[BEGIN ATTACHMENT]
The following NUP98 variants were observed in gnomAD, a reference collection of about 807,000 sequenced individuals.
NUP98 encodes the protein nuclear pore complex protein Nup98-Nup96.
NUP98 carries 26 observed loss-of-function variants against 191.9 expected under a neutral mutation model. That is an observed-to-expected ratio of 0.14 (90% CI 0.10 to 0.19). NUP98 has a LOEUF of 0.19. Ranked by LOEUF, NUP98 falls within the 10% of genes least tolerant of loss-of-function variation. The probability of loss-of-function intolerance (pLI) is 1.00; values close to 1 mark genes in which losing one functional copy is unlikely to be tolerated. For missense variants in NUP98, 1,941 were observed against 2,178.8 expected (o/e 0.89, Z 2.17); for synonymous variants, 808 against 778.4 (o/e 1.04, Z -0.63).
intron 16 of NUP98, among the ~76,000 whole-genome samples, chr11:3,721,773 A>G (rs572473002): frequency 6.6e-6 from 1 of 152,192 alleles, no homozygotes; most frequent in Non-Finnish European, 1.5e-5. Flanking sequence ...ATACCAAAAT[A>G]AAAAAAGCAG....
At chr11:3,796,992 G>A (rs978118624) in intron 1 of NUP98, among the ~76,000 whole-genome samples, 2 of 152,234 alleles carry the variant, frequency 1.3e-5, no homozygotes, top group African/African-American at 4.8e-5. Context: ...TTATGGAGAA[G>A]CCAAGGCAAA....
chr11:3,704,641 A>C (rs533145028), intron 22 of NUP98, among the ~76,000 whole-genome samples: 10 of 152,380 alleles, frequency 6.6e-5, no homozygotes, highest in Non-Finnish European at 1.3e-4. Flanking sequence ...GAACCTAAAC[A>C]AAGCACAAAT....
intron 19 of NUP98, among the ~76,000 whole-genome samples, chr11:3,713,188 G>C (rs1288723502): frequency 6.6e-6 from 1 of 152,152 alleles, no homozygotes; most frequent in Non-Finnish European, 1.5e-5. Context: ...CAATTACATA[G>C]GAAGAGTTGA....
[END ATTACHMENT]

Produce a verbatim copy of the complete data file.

The following NUP98 variants were observed in gnomAD, a reference collection of about 807,000 sequenced individuals.
NUP98 encodes the protein nuclear pore complex protein Nup98-Nup96.
NUP98 carries 26 observed loss-of-function variants against 191.9 expected under a neutral mutation model. That is an observed-to-expected ratio of 0.14 (90% CI 0.10 to 0.19). NUP98 has a LOEUF of 0.19. Ranked by LOEUF, NUP98 falls within the 10% of genes least tolerant of loss-of-function variation. The probability of loss-of-function intolerance (pLI) is 1.00; values close to 1 mark genes in which losing one functional copy is unlikely to be tolerated. For missense variants in NUP98, 1,941 were observed against 2,178.8 expected (o/e 0.89, Z 2.17); for synonymous variants, 808 against 778.4 (o/e 1.04, Z -0.63).
intron 16 of NUP98, among the ~76,000 whole-genome samples, chr11:3,721,773 A>G (rs572473002): frequency 6.6e-6 from 1 of 152,192 alleles, no homozygotes; most frequent in Non-Finnish European, 1.5e-5. Flanking sequence ...ATACCAAAAT[A>G]AAAAAAGCAG....
At chr11:3,796,992 G>A (rs978118624) in intron 1 of NUP98, among the ~76,000 whole-genome samples, 2 of 152,234 alleles carry the variant, frequency 1.3e-5, no homozygotes, top group African/African-American at 4.8e-5. Context: ...TTATGGAGAA[G>A]CCAAGGCAAA....
chr11:3,704,641 A>C (rs533145028), intron 22 of NUP98, among the ~76,000 whole-genome samples: 10 of 152,380 alleles, frequency 6.6e-5, no homozygotes, highest in Non-Finnish European at 1.3e-4. Flanking sequence ...GAACCTAAAC[A>C]AAGCACAAAT....
intron 19 of NUP98, among the ~76,000 whole-genome samples, chr11:3,713,188 G>C (rs1288723502): frequency 6.6e-6 from 1 of 152,152 alleles, no homozygotes; most frequent in Non-Finnish European, 1.5e-5. Context: ...CAATTACATA[G>C]GAAGAGTTGA....